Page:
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Showing: 1-10 results of 97

INTRODUCTION.   Should you ask me, whence these stories?Whence these legends and traditions,With the odors of the forest,With the dew and damp of meadows,5With the curling smoke of wigwams,With the rushing of great rivers,With their frequent repetitions,And their wild reverberations,As of thunder in the mountains?10I should answer, I should tell you,"From the forests and the prairies,From the great lakes of the Northland,From the land of... more...

THE RAVEN. Once upon a midnight dreary, while I pondered, weak and weary,Over many a quaint and curious volume of forgotten lore,While I nodded, nearly napping, suddenly there came a tapping,As of some one gently rapping, rapping at my chamber door."'T is some visiter," I muttered, "tapping at my chamber door—Only this, and nothing more." Ah, distinctly I remember it was in the bleak December,And each separate dying ember wrought its... more...

The Deacon’s Masterpiece Have you heard of the wonderful one-hoss shay,That was built in such a logical wayIt ran a hundred years to a day,And then, of a sudden, it—ah, but stay,I’ll tell you what happened without delay,Scaring the parson into fits,Frightening people out of their wits,—Have you ever heard of that, I say? Seventeen hundred and fifty-five,Georgius Secundus was then alive,—Snuffy old drone from the... more...

 Bring the good old bugle, boys, we’ll sing another song,Sing it with the spirit that will start the world along,—Sing it as we used to sing it, fifty thousand strong,While we were marching through Georgia.Chorus.“Hurrah! hurrah! we bring the Jubilee!Hurrah! hurrah! the flag that makes you free!”So we sang the chorus from Atlanta to the seaWhile we were marching through Georgia. How the darkies shouted... more...

PREFACE. The numerous collections of American verse share, I think, one fault in common: they include too much. Whether this has been a bid for popularity, a concession to Philistia, I cannot say; but the fact remains that all anthologies of American poetry are, so far as I know, more or less uncritical. The aim of the present book is different. In no case has a poem been included because it is widely known. The purpose of this compilation is... more...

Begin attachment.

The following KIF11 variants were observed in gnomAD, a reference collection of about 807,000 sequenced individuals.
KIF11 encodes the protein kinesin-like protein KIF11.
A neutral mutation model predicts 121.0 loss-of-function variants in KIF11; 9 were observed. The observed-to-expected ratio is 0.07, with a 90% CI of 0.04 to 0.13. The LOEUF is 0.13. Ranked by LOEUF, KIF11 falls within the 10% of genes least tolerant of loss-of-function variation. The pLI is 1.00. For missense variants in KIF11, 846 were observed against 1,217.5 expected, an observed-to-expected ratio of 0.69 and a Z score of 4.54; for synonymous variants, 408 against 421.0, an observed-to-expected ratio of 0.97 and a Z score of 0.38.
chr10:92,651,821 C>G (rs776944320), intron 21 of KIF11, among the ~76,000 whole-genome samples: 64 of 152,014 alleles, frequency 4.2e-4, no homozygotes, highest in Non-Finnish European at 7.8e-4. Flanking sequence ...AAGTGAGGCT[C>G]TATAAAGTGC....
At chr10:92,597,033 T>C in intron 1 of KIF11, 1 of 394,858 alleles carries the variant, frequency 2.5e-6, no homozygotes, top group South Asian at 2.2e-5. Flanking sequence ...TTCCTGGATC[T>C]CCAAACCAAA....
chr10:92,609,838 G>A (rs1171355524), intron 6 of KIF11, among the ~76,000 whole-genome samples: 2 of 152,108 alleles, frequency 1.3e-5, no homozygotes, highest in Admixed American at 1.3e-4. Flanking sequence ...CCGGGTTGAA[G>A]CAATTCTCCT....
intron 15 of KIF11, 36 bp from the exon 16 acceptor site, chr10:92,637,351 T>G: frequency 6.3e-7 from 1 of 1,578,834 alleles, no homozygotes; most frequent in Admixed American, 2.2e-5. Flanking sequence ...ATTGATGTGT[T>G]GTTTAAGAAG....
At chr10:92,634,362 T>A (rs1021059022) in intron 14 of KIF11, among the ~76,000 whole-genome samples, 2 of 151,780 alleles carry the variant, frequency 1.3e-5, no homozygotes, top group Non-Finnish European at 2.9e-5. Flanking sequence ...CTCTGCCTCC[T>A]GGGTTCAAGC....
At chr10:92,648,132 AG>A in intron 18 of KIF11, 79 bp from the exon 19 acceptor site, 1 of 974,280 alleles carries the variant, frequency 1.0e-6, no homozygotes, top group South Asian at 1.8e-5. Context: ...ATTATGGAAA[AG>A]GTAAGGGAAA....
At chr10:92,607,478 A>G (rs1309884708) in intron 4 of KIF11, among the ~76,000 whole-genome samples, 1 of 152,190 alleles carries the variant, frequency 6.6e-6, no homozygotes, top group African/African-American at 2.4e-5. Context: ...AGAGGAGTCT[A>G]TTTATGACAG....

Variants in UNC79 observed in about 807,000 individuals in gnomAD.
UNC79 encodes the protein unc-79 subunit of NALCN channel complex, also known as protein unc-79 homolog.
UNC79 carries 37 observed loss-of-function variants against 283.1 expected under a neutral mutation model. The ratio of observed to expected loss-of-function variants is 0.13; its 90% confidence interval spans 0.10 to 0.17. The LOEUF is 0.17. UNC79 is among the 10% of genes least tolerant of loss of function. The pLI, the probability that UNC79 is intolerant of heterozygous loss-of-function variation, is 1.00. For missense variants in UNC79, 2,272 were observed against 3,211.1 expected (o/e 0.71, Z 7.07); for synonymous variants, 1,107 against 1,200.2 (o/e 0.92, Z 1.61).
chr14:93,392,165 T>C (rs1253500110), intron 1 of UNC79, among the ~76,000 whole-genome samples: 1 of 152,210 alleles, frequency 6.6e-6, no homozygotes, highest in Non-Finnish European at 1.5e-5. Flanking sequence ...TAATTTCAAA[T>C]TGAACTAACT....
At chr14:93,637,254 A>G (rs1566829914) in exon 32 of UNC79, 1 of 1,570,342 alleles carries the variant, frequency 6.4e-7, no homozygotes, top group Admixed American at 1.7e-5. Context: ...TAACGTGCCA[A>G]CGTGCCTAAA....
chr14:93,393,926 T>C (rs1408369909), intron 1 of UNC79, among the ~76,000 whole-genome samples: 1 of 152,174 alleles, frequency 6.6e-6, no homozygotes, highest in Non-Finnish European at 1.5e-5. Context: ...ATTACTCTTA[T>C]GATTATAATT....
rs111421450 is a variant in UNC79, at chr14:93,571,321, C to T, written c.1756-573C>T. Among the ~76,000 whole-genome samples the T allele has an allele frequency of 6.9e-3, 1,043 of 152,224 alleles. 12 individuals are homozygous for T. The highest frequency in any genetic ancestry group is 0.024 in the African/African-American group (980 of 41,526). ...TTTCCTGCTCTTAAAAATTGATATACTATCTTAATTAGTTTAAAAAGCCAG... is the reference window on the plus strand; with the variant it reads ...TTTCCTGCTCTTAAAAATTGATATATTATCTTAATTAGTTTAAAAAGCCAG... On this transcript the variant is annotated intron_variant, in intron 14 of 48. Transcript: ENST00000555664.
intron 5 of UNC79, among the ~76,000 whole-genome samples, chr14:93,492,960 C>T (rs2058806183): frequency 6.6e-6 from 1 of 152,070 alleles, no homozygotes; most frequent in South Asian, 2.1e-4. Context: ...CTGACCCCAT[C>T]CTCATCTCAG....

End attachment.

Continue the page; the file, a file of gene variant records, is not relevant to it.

VOICES OF THE NIGHT <Greek poem here—Euripides.> PRELUDE. Pleasant it was, when woods were green,  And winds were soft and low,To lie amid some sylvan scene.Where, the long drooping boughs between,Shadows dark and sunlight sheen  Alternate come and go; Or where the denser grove receives  No sunlight from above,But the dark foliage interweavesIn one unbroken roof of leaves,Underneath whose sloping... more...

AN OLD HEART How young I am!  Ah! heaven, this curse of youth   Doth mock me from my mirror with great eyes,And pulsing veins repeat the unwelcome truth,   That I must live, though hope within me dies. So young, and yet I have had all of life.   Why, men have lived to see a hundred years,Who have not known the rapture, joy, and strife   Of my brief youth, its passion and its tears. Oh! what are... more...

UTUMNAL skies were fair, and blue, And soft and mild the morning breeze; With sails unfurled—a joyous crew— We sought Pacific's tranquil seas, And entered there, a gate that stands, Unbarred to ships of many lands. And as we passed its portal grand, Our hearts were glad, our spirits light, And we rejoiced, and eager scanned The scenes that came before our sight. Near Alcatraz, an island bold, We paused to hear this... more...

When Day Is Done When day is done and the night slips down,And I've turned my back on the busy town,And come once more to the welcome gateWhere the roses nod and the children wait,I tell myself as I see them smileThat life is good and its tasks worth while. When day is done and I've come once moreTo my quiet street and the friendly door,Where the Mother reigns and the children playAnd the kettle sings in the old-time way,I throw my coat on a... more...

PRELUDE.   Poems are heavenly things,  And only souls with wings  May reach them where they grow,  May pluck and bear below,  Feeding the nations thus  With food all glorious.   Verses are not of these;  They bloom on earthly trees,  Poised on a low-hung stem,  And those may gather them  Who cannot fly to where  The heavenly... more...